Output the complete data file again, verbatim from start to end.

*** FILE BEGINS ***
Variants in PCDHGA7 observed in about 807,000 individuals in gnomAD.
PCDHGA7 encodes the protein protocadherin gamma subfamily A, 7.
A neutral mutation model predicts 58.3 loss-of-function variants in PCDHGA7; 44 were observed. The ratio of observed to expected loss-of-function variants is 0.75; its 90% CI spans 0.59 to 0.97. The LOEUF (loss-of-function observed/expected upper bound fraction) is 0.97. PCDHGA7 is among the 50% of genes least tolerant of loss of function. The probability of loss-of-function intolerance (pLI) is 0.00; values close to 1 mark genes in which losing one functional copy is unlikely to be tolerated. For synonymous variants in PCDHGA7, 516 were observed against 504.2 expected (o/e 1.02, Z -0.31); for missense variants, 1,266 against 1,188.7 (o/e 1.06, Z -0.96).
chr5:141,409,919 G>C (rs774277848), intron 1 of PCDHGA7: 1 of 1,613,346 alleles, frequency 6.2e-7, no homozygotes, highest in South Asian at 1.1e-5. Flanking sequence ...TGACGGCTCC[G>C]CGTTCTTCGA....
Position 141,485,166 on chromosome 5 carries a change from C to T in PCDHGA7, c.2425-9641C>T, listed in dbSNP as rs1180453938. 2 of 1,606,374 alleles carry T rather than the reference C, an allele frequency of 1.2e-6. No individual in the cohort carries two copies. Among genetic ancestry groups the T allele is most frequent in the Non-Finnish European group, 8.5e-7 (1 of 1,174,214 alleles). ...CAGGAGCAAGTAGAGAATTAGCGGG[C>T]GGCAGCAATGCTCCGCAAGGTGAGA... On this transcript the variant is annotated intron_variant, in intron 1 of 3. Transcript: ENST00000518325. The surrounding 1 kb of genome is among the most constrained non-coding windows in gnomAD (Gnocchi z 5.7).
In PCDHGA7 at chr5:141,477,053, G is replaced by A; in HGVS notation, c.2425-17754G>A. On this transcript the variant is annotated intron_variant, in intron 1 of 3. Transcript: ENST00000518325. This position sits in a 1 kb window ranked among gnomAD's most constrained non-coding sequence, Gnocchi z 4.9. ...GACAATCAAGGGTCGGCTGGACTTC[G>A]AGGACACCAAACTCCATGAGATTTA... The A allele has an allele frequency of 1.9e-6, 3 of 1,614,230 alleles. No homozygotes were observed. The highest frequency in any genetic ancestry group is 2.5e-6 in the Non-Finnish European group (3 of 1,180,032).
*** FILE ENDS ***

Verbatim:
Variants in PCDHGA7 observed in about 807,000 individuals in gnomAD.
PCDHGA7 encodes the protein protocadherin gamma subfamily A, 7.
A neutral mutation model predicts 58.3 loss-of-function variants in PCDHGA7; 44 were observed. The ratio of observed to expected loss-of-function variants is 0.75; its 90% CI spans 0.59 to 0.97. The LOEUF (loss-of-function observed/expected upper bound fraction) is 0.97. PCDHGA7 is among the 50% of genes least tolerant of loss of function. The probability of loss-of-function intolerance (pLI) is 0.00; values close to 1 mark genes in which losing one functional copy is unlikely to be tolerated. For synonymous variants in PCDHGA7, 516 were observed against 504.2 expected (o/e 1.02, Z -0.31); for missense variants, 1,266 against 1,188.7 (o/e 1.06, Z -0.96).
chr5:141,409,919 G>C (rs774277848), intron 1 of PCDHGA7: 1 of 1,613,346 alleles, frequency 6.2e-7, no homozygotes, highest in South Asian at 1.1e-5. Flanking sequence ...TGACGGCTCC[G>C]CGTTCTTCGA....
Position 141,485,166 on chromosome 5 carries a change from C to T in PCDHGA7, c.2425-9641C>T, listed in dbSNP as rs1180453938. 2 of 1,606,374 alleles carry T rather than the reference C, an allele frequency of 1.2e-6. No individual in the cohort carries two copies. Among genetic ancestry groups the T allele is most frequent in the Non-Finnish European group, 8.5e-7 (1 of 1,174,214 alleles). ...CAGGAGCAAGTAGAGAATTAGCGGG[C>T]GGCAGCAATGCTCCGCAAGGTGAGA... On this transcript the variant is annotated intron_variant, in intron 1 of 3. Transcript: ENST00000518325. The surrounding 1 kb of genome is among the most constrained non-coding windows in gnomAD (Gnocchi z 5.7).
In PCDHGA7 at chr5:141,477,053, G is replaced by A; in HGVS notation, c.2425-17754G>A. On this transcript the variant is annotated intron_variant, in intron 1 of 3. Transcript: ENST00000518325. This position sits in a 1 kb window ranked among gnomAD's most constrained non-coding sequence, Gnocchi z 4.9. ...GACAATCAAGGGTCGGCTGGACTTC[G>A]AGGACACCAAACTCCATGAGATTTA... The A allele has an allele frequency of 1.9e-6, 3 of 1,614,230 alleles. No homozygotes were observed. The highest frequency in any genetic ancestry group is 2.5e-6 in the Non-Finnish European group (3 of 1,180,032).